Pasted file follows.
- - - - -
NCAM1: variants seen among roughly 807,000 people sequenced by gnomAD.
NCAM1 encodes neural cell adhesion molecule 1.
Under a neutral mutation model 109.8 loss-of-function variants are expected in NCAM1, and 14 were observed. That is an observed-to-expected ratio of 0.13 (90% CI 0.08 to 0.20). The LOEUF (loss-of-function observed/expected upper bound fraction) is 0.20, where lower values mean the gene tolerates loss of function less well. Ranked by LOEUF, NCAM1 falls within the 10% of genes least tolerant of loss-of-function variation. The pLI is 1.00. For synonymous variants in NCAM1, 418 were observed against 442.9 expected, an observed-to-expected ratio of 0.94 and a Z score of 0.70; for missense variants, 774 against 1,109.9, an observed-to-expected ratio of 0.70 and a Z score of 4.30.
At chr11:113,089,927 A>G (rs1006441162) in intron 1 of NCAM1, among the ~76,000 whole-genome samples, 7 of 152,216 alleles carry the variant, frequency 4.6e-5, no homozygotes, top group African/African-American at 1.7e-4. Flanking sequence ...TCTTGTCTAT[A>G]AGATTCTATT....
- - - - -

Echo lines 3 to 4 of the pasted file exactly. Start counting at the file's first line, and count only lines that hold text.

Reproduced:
Under a neutral mutation model 109.8 loss-of-function variants are expected in NCAM1, and 14 were observed. That is an observed-to-expected ratio of 0.13 (90% CI 0.08 to 0.20). The LOEUF (loss-of-function observed/expected upper bound fraction) is 0.20, where lower values mean the gene tolerates loss of function less well. Ranked by LOEUF, NCAM1 falls within the 10% of genes least tolerant of loss-of-function variation. The pLI is 1.00. For synonymous variants in NCAM1, 418 were observed against 442.9 expected, an observed-to-expected ratio of 0.94 and a Z score of 0.70; for missense variants, 774 against 1,109.9, an observed-to-expected ratio of 0.70 and a Z score of 4.30.
At chr11:113,089,927 A>G (rs1006441162) in intron 1 of NCAM1, among the ~76,000 whole-genome samples, 7 of 152,216 alleles carry the variant, frequency 4.6e-5, no homozygotes, top group African/African-American at 1.7e-4. Flanking sequence ...TCTTGTCTAT[A>G]AGATTCTATT....